LYNDON CENTER -- Lyndon State College welcomes the start of the academic year with a new president, growing enrollment, the distinction of seeing two faculty members granted a Fulbright scholarship, and plans for autumn ribbon cuttings on both the Vail Museum and the Veterans Park. Classes started Aug. 27.

Dr. Joe Bertolino began his tenure as Lyndon State College's 15th president on July 1. Bertolino comes to LSC after eight years at Queens College, part of City University of New York, where he was vice president for enrollment management and student affairs.

Two months into his tenure, Bertolino opines about Lyndon's future, "I am excited about the possibilities of what Lyndon can and will be -- innovative, dynamic, entrepreneurial -- an institution serving students, the community, the Northeast Kingdom, Vermont, and the nation. This school has wonderfully dedicated faculty and premier academic programs."

He presided over convocation on Aug. 30. The 101st event featured the traditional photo shot of the incoming class. Bertolino takes the helm from Steve Gold who served a year-long stint as interim president.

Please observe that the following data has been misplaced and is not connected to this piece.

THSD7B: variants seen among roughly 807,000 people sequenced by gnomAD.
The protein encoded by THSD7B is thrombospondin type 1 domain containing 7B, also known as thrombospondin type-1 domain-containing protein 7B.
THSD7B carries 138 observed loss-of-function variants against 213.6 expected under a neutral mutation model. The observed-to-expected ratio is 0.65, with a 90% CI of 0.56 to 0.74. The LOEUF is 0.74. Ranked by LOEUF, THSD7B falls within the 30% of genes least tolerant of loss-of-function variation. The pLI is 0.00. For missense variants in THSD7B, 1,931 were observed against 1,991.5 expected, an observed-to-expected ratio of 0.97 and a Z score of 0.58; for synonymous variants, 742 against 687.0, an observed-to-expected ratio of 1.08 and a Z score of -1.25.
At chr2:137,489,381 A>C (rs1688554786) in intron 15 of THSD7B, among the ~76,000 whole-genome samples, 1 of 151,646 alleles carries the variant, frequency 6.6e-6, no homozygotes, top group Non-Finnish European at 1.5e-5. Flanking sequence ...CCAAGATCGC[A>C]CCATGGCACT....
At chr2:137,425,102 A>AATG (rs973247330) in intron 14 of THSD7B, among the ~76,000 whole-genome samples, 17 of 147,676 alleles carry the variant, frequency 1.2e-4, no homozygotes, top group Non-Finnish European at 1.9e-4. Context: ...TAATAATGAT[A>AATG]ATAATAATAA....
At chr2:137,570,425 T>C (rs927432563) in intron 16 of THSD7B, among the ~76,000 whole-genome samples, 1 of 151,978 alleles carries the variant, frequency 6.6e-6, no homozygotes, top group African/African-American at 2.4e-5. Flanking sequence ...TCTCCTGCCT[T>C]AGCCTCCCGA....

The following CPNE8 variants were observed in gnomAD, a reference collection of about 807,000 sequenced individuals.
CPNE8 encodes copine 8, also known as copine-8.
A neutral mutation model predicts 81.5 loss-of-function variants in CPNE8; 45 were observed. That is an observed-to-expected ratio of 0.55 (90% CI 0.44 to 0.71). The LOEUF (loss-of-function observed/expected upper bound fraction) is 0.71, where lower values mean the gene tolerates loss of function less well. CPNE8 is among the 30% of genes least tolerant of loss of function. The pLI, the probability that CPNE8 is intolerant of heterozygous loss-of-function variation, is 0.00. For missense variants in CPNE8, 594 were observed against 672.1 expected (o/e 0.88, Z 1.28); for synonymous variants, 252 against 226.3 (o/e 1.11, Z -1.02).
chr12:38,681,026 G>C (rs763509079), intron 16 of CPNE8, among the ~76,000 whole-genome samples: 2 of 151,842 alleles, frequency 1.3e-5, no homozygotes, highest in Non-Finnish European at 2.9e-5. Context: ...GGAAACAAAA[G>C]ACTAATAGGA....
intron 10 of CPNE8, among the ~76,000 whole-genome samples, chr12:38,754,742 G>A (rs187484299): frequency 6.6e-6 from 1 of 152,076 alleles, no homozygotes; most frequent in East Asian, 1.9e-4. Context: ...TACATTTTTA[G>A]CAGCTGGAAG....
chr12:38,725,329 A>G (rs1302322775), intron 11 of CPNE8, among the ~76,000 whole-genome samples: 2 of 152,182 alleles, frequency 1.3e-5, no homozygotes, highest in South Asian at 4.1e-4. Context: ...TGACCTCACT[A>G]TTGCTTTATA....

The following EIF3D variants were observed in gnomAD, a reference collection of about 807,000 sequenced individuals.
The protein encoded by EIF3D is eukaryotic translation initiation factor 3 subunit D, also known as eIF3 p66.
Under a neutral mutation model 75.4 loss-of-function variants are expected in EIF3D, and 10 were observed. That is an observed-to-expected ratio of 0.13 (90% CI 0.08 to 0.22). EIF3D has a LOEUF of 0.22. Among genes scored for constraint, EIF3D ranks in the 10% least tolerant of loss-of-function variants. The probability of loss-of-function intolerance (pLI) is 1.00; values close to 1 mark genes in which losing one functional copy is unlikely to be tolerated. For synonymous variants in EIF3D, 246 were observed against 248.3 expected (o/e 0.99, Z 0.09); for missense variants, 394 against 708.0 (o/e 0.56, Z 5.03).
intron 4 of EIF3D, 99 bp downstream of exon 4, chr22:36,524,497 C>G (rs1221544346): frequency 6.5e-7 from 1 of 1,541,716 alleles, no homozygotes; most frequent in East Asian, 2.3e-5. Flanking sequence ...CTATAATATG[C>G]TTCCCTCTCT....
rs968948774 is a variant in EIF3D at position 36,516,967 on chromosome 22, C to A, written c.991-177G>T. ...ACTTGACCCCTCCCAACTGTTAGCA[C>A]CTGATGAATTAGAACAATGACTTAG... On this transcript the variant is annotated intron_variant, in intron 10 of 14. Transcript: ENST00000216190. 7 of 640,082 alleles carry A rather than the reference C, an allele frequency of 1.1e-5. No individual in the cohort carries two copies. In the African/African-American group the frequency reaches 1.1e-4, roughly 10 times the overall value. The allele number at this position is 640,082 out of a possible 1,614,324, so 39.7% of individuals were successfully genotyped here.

Director of admissions Vinnie Maloney discussed the incoming class of 2012, "We are thrilled to welcome all these new students and see an increase in returning students as well. Our enrollment is strong, our vision for the future is clear, and we are moving forward."

Several LSC faculty members have garnered national attention. Dr. Margaret Sherrer and Dan Williams have been awarded Fulbright Scholarships for the academic year 2012-2013. The Fulbright Program is the international educational exchange initiative sponsored by the U. S. Department of State's Bureau of Educational and Cultural Affairs. Participants are chosen for their academic merit and leadership potential and are given the opportunity to study, teach, conduct research, exchange ideas and contribute to finding solutions to shared international concerns.

Sherrer will spend the spring semester in Kerala, a state at the southwestern tip of the Indian subcontinent. She will be teaching and conducting research on the development of mental health services for people with serious psychiatric disorders.

Williams is spending this academic year in Xi'an China. He will be teaching multi-media platforms to journalism students.